Spoilers ahead—don't read this interview if you haven't watched the Game of Thrones season-five premiere episode, "The Wars to Come."
When wildling "king" Mance Rayder vowed to light the "biggest fire the North has ever seen," he didn't plan on burning along with it. But that's what happened on last night's Game of Thrones premiere, when Stannis Baratheon executed the shaggy leader in the most gruesome fashion imaginable.
Good thing Jon Snow (Kit Harington), the only member of the Night's Watch who gave Mance the time of day, swooped in with a well-placed arrow to spare the guy some third-degree horrors.
Stannis' actions will inevitably send the Night's Watch barreling in a new direction. But before leaving the incinerated Mance behind, Esquire spoke to busy Irish actor Ciarán Hinds about portraying the contemplative leader, ending his Game of Thrones tenure with a bang, and the possibility of a return (because George R.R. Martin found a way, so why not the show?).
Did you know early on that this would be the moment when Mance Rayder kicked the bucket?
I had absolutely no idea. Seriously, the guys asked me to join [the show] and I went, "It's in your hands." I was only there three or four days a year, whenever they needed the character. I was working away and they asked if they asked if they could fit days in. I only got my storyline, the scenes which were inevitably with Kit, Jon Snow. That's what I knew about, really. They were most courteous when they gave me the news that "all men must die." My number was up. It's an attempt of dignity while you're toasting away like a marshmallow.
You're only given bits of the story at a time. Did that require talking to D.B. Weiss and David Benioff, or even George R.R. Martin, about where Mance came from and what was on his mind?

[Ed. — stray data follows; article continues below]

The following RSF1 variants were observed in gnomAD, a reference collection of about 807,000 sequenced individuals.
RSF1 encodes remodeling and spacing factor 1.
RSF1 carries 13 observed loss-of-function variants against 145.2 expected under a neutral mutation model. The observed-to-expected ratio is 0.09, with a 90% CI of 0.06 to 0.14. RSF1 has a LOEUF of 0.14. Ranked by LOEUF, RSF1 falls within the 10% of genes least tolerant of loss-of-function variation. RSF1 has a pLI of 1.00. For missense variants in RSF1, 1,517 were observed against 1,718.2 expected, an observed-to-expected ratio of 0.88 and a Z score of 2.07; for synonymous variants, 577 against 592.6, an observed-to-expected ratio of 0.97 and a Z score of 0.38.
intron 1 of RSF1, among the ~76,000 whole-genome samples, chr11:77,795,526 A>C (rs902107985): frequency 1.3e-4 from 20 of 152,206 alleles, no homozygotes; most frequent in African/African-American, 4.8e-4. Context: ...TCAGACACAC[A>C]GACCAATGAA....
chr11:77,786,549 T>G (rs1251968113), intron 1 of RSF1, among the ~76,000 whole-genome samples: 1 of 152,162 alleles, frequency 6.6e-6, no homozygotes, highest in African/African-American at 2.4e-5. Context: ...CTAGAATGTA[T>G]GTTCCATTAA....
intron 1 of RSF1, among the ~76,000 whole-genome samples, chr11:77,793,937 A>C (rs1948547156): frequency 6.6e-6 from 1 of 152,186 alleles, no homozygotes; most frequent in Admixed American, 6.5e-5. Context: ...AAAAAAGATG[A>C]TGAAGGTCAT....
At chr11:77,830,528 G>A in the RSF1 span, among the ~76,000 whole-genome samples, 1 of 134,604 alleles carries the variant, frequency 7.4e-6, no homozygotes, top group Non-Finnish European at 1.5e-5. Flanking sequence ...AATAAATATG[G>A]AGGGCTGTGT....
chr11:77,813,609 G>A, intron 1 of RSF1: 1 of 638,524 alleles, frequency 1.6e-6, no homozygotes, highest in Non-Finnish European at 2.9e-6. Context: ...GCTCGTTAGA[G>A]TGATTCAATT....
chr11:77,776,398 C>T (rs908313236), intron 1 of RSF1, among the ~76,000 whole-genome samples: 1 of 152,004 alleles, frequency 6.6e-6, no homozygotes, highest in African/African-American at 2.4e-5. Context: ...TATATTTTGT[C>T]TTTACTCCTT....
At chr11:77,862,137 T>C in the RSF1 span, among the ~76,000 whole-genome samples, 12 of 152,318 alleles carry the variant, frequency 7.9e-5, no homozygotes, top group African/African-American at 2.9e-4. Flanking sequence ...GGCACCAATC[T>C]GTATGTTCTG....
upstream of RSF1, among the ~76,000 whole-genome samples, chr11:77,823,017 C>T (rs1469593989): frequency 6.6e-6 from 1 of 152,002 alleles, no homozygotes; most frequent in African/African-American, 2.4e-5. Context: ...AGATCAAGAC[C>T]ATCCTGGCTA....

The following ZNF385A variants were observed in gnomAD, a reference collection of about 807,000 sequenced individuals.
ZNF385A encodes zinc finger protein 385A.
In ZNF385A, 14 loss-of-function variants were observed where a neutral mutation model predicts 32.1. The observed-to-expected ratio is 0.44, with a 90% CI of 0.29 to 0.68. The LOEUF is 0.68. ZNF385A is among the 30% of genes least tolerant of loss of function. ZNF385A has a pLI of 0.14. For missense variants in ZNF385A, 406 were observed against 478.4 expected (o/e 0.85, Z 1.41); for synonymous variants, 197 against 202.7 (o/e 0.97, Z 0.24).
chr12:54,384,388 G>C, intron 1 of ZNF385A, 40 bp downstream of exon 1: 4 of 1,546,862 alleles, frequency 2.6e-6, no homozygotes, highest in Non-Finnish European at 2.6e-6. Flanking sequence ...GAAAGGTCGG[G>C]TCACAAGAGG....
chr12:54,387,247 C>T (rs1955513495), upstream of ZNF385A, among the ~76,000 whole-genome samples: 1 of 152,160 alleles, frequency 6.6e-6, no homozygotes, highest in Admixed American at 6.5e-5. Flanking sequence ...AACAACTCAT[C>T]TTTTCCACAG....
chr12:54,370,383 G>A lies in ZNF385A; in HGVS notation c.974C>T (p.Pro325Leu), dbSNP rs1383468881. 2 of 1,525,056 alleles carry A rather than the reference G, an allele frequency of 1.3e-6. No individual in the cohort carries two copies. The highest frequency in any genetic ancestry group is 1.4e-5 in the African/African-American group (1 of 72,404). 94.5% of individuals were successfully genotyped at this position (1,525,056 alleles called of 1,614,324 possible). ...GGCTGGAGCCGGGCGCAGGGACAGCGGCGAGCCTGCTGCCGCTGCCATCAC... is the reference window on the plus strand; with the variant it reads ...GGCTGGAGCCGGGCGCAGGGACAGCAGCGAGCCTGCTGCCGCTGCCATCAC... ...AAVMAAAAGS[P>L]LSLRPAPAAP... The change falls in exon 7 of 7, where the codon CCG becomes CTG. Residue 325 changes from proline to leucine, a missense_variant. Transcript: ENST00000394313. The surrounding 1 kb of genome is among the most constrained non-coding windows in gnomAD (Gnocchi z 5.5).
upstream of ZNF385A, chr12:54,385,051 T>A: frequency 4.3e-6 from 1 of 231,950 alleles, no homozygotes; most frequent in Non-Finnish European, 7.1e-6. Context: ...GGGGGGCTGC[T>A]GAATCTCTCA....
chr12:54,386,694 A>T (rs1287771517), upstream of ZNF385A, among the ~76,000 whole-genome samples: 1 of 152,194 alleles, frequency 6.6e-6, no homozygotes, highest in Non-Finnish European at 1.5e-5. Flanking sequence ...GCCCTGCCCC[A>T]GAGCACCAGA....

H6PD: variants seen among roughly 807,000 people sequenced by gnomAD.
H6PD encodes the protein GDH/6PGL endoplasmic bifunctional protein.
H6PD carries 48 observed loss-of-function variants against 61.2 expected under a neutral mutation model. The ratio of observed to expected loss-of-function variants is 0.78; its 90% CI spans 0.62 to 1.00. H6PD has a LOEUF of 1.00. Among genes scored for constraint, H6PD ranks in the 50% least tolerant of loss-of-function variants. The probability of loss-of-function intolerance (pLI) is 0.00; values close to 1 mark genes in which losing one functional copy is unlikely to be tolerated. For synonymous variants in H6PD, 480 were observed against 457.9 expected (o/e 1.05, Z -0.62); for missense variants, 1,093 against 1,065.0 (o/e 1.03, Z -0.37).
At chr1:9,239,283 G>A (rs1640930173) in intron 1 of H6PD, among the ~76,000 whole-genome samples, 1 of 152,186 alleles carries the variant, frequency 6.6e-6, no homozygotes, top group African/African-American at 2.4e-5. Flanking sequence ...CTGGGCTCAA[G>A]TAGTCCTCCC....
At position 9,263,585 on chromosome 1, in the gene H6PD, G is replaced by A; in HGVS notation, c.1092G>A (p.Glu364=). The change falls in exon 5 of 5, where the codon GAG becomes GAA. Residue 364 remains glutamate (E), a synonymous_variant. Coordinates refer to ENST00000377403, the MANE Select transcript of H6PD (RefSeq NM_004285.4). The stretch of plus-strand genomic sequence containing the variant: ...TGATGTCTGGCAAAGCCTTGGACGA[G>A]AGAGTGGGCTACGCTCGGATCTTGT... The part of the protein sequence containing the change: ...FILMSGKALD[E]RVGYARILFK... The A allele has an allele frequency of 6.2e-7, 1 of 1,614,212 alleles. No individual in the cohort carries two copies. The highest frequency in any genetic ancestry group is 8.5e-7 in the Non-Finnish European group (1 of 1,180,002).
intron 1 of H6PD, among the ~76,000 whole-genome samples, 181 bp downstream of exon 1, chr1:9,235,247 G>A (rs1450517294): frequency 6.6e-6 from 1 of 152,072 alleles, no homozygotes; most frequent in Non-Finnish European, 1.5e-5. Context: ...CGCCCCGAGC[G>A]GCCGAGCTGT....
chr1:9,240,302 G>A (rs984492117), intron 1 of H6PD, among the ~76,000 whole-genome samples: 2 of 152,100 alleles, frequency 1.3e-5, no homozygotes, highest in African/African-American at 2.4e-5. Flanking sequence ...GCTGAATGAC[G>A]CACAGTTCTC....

Well, I haven't read the books. Before I was asked to join, before the third season when they brought Mance in, I was suggested by the main producer, Frank Dolger, who had overseen Rome. I played Caesar. I guess he wanted the gravitas and leadership of men. If he only saw my personal life.
You're not a regal leader of men in the off-hours?
I'm as low as they come, if I'm being honest. I don't know how I get away with it. Maybe that's why I was a wildling. Just a bit of a posh one. [Laughs.] So I just took what came with the words and suggestions. I played the words on the page and tried to interpret them as I saw them, with the help of the directors. Though there was one time when I came back, I remember saying, "I just need to know, I know you don't like the snow and that's grand by me, but when I sent those guys to the Wall all those months ago and I was going to go light the biggest fire the North has ever seen, do I need to know what happened? Because I'm about to do this scene and I should probably know what the results were…" They said, "Yep, and here it is." They laid out what happened and I could play the scene. Just for knowledge in the head.
What do you think Mance added to grand tapestry of Game of Thrones?
We knew Caesar apart [from Rome]— did he want to be emperor or was he really into a democratic Rome? Whereas, I believe, Mance had a theory that this was a lost tribe of people who needed help. He had a mission, like a super community worker with the guts and drive to corral these 90 tribes who have been let go and left to their own devices. He wanted to give them life and dignity. They kept referring to him as "The King-Beyond-the-Wall." But he says early on that he's not a king. They're not called kings there. Everyone else is looking for a crown and a throne, though he had the gift of political nous and understanding, he wanted to be their spokesman, not their leader. I don't think he gives a fuck if he's loved, but at heart, he has a social drive for improving people's lives.